The Bible in Politics
Since the late 19th century most churches have adopted newer translations of the Bible, translations that are rendered in more modern English. By the 18th and 19th century the language of the King James Bible was considered archaic but its carefully chosen words and simple but eloquent phrases have retained their rhetorical strength.
President Abraham Lincoln, a well-read though self- educated man, demonstrated the power and authority of the KJB’s idiom and diction in his famous Gettysburg Address of 19 November 1863 concluding:
In his Second Inaugural Address (4 March 1865) Lincoln said:
...Fondly do we hope, fervently do we pray, that this mighty scourge of war may speedily pass away. Yet, if God wills that it continue until all the wealth piled by the bondsman's two hundred and fifty years of unrequited toil shall be sunk, and until every drop of blood drawn with the lash shall be paid by another drawn with the sword, as was said three thousand years ago, so still it must be said "the judgments of the Lord are true and righteous altogether...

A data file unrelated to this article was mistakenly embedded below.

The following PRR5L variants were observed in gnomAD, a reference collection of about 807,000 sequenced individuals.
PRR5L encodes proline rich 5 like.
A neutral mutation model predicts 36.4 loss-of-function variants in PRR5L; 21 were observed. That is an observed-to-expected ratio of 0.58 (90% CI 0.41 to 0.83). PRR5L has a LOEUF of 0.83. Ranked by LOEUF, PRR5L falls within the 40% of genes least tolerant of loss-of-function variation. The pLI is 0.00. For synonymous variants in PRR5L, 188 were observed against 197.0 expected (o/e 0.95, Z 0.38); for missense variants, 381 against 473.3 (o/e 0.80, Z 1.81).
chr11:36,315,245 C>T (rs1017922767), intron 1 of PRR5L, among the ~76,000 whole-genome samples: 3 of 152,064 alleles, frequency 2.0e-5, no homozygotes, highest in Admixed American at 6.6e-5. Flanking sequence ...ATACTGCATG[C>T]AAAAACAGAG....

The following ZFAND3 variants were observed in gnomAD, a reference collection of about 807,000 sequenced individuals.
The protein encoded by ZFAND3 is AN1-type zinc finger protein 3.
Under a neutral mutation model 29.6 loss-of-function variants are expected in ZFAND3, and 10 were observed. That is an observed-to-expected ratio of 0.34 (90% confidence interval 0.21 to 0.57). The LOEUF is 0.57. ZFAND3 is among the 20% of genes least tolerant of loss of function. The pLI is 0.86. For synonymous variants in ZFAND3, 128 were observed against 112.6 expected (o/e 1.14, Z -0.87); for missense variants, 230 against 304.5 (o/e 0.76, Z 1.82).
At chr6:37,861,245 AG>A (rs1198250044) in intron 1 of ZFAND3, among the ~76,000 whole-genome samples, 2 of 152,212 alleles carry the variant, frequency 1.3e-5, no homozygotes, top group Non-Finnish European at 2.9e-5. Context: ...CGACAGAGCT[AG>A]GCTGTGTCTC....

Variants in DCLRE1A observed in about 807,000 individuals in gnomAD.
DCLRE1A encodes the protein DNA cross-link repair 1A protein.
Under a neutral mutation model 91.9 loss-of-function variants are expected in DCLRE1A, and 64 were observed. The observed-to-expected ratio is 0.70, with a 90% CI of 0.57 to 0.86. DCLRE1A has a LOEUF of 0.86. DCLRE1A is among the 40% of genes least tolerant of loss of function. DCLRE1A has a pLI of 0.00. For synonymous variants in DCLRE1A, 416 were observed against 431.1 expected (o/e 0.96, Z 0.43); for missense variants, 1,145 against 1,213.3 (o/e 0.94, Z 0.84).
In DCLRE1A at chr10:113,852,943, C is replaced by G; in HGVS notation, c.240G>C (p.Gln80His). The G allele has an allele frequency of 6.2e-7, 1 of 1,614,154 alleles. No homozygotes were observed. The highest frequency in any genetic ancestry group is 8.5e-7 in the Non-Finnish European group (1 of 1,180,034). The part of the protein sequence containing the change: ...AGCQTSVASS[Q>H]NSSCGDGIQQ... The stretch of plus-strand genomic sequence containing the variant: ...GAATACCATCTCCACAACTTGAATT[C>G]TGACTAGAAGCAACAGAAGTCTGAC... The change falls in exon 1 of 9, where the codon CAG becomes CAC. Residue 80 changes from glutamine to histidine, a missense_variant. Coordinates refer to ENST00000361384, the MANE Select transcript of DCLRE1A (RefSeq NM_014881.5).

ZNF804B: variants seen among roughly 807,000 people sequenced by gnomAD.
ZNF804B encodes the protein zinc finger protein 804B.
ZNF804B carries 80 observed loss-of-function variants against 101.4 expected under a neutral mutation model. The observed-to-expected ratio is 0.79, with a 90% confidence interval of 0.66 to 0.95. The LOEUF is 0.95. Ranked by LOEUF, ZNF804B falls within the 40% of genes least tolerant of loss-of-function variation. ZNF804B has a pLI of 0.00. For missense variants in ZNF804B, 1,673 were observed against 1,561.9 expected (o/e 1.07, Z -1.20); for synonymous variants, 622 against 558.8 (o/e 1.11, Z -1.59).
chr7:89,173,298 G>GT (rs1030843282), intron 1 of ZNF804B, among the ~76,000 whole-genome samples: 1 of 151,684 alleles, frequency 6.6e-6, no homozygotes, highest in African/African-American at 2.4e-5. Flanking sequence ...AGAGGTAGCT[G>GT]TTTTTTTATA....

A century later in 1963, a speech delivered by Dr Martin Luther King would strike a profound chord and provide new impetus for the development of America as a multicultural nation. Much of the phrasing is drawn from the KJB (Isaiah 40) and has become a well-known expression of political aspiration. Read full speech
The Bible itself has long been used symbolically on occasions of initiation into public office. In 1789 George Washington became the first president to swear an oath to uphold the US Constitution. He did so using a borrowed copy of the KJB. Many subsequent presidents have followed in Washington’s footsteps, the most recent being Barack Obama who swore his oath on Abraham Lincoln’s 1853 copy.